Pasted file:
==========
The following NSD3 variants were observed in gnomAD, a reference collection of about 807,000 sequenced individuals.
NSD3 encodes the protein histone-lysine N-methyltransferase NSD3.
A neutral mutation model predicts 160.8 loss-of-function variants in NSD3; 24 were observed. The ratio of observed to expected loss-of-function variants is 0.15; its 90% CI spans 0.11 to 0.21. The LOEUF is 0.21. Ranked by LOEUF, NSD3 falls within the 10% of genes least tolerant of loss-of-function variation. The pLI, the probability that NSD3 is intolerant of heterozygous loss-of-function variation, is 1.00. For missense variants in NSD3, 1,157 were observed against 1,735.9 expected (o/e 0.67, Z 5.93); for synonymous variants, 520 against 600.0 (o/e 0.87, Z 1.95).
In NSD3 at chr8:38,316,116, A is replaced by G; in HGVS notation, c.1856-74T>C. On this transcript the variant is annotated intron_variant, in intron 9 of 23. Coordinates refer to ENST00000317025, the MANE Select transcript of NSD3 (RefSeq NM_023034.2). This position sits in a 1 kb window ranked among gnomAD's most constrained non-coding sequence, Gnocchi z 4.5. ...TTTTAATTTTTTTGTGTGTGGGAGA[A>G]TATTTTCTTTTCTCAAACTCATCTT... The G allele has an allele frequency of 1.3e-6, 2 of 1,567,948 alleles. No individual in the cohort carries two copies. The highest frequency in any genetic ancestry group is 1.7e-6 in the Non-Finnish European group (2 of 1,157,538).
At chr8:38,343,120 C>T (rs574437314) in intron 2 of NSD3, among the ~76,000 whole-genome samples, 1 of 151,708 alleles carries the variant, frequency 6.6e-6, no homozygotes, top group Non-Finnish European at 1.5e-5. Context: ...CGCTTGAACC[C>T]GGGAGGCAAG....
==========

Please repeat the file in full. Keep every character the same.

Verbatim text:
The following NSD3 variants were observed in gnomAD, a reference collection of about 807,000 sequenced individuals.
NSD3 encodes the protein histone-lysine N-methyltransferase NSD3.
A neutral mutation model predicts 160.8 loss-of-function variants in NSD3; 24 were observed. The ratio of observed to expected loss-of-function variants is 0.15; its 90% CI spans 0.11 to 0.21. The LOEUF is 0.21. Ranked by LOEUF, NSD3 falls within the 10% of genes least tolerant of loss-of-function variation. The pLI, the probability that NSD3 is intolerant of heterozygous loss-of-function variation, is 1.00. For missense variants in NSD3, 1,157 were observed against 1,735.9 expected (o/e 0.67, Z 5.93); for synonymous variants, 520 against 600.0 (o/e 0.87, Z 1.95).
In NSD3 at chr8:38,316,116, A is replaced by G; in HGVS notation, c.1856-74T>C. On this transcript the variant is annotated intron_variant, in intron 9 of 23. Coordinates refer to ENST00000317025, the MANE Select transcript of NSD3 (RefSeq NM_023034.2). This position sits in a 1 kb window ranked among gnomAD's most constrained non-coding sequence, Gnocchi z 4.5. ...TTTTAATTTTTTTGTGTGTGGGAGA[A>G]TATTTTCTTTTCTCAAACTCATCTT... The G allele has an allele frequency of 1.3e-6, 2 of 1,567,948 alleles. No individual in the cohort carries two copies. The highest frequency in any genetic ancestry group is 1.7e-6 in the Non-Finnish European group (2 of 1,157,538).
At chr8:38,343,120 C>T (rs574437314) in intron 2 of NSD3, among the ~76,000 whole-genome samples, 1 of 151,708 alleles carries the variant, frequency 6.6e-6, no homozygotes, top group Non-Finnish European at 1.5e-5. Context: ...CGCTTGAACC[C>T]GGGAGGCAAG....